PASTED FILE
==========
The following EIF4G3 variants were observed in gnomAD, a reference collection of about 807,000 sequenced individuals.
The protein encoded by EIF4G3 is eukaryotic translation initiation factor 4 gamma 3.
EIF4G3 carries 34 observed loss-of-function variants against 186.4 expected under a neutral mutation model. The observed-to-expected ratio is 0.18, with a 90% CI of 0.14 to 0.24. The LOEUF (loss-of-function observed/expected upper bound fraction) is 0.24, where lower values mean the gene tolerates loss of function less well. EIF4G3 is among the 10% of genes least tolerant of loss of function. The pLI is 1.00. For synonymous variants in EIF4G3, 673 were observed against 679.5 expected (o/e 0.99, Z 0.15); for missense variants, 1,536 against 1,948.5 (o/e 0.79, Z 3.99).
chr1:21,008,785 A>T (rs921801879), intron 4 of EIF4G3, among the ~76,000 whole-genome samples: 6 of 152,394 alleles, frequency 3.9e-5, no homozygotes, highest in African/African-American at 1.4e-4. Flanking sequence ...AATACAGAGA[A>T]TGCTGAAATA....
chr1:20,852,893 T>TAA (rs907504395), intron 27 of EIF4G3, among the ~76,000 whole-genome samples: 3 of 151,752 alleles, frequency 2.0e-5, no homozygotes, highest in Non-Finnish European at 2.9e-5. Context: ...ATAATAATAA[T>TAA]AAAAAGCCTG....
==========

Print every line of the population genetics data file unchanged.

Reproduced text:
The following EIF4G3 variants were observed in gnomAD, a reference collection of about 807,000 sequenced individuals.
The protein encoded by EIF4G3 is eukaryotic translation initiation factor 4 gamma 3.
EIF4G3 carries 34 observed loss-of-function variants against 186.4 expected under a neutral mutation model. The observed-to-expected ratio is 0.18, with a 90% CI of 0.14 to 0.24. The LOEUF (loss-of-function observed/expected upper bound fraction) is 0.24, where lower values mean the gene tolerates loss of function less well. EIF4G3 is among the 10% of genes least tolerant of loss of function. The pLI is 1.00. For synonymous variants in EIF4G3, 673 were observed against 679.5 expected (o/e 0.99, Z 0.15); for missense variants, 1,536 against 1,948.5 (o/e 0.79, Z 3.99).
chr1:21,008,785 A>T (rs921801879), intron 4 of EIF4G3, among the ~76,000 whole-genome samples: 6 of 152,394 alleles, frequency 3.9e-5, no homozygotes, highest in African/African-American at 1.4e-4. Flanking sequence ...AATACAGAGA[A>T]TGCTGAAATA....
chr1:20,852,893 T>TAA (rs907504395), intron 27 of EIF4G3, among the ~76,000 whole-genome samples: 3 of 151,752 alleles, frequency 2.0e-5, no homozygotes, highest in Non-Finnish European at 2.9e-5. Context: ...ATAATAATAA[T>TAA]AAAAAGCCTG....